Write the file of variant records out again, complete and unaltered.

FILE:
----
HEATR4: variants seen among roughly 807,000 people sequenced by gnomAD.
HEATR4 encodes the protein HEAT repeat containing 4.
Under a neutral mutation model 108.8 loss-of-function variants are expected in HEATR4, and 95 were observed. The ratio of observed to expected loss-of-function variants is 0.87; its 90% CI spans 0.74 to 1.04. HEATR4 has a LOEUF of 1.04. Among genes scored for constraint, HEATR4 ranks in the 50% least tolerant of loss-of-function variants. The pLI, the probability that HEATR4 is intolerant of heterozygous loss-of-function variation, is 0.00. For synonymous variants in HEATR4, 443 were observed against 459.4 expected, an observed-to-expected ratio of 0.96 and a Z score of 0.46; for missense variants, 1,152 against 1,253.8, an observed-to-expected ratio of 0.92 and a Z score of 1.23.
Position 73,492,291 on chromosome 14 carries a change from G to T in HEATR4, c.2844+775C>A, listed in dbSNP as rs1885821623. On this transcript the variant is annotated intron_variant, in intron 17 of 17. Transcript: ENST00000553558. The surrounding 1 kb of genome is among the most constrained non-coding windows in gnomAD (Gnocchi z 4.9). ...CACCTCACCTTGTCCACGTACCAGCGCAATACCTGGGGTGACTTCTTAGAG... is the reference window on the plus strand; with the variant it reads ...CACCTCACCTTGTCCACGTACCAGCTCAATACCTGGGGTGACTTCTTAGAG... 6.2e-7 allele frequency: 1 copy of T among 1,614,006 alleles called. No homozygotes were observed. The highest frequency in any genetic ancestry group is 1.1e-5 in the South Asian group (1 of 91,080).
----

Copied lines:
HEATR4: variants seen among roughly 807,000 people sequenced by gnomAD.
HEATR4 encodes the protein HEAT repeat containing 4.
Under a neutral mutation model 108.8 loss-of-function variants are expected in HEATR4, and 95 were observed. The ratio of observed to expected loss-of-function variants is 0.87; its 90% CI spans 0.74 to 1.04. HEATR4 has a LOEUF of 1.04. Among genes scored for constraint, HEATR4 ranks in the 50% least tolerant of loss-of-function variants. The pLI, the probability that HEATR4 is intolerant of heterozygous loss-of-function variation, is 0.00. For synonymous variants in HEATR4, 443 were observed against 459.4 expected, an observed-to-expected ratio of 0.96 and a Z score of 0.46; for missense variants, 1,152 against 1,253.8, an observed-to-expected ratio of 0.92 and a Z score of 1.23.
Position 73,492,291 on chromosome 14 carries a change from G to T in HEATR4, c.2844+775C>A, listed in dbSNP as rs1885821623. On this transcript the variant is annotated intron_variant, in intron 17 of 17. Transcript: ENST00000553558. The surrounding 1 kb of genome is among the most constrained non-coding windows in gnomAD (Gnocchi z 4.9). ...CACCTCACCTTGTCCACGTACCAGCGCAATACCTGGGGTGACTTCTTAGAG... is the reference window on the plus strand; with the variant it reads ...CACCTCACCTTGTCCACGTACCAGCTCAATACCTGGGGTGACTTCTTAGAG... 6.2e-7 allele frequency: 1 copy of T among 1,614,006 alleles called. No homozygotes were observed. The highest frequency in any genetic ancestry group is 1.1e-5 in the South Asian group (1 of 91,080).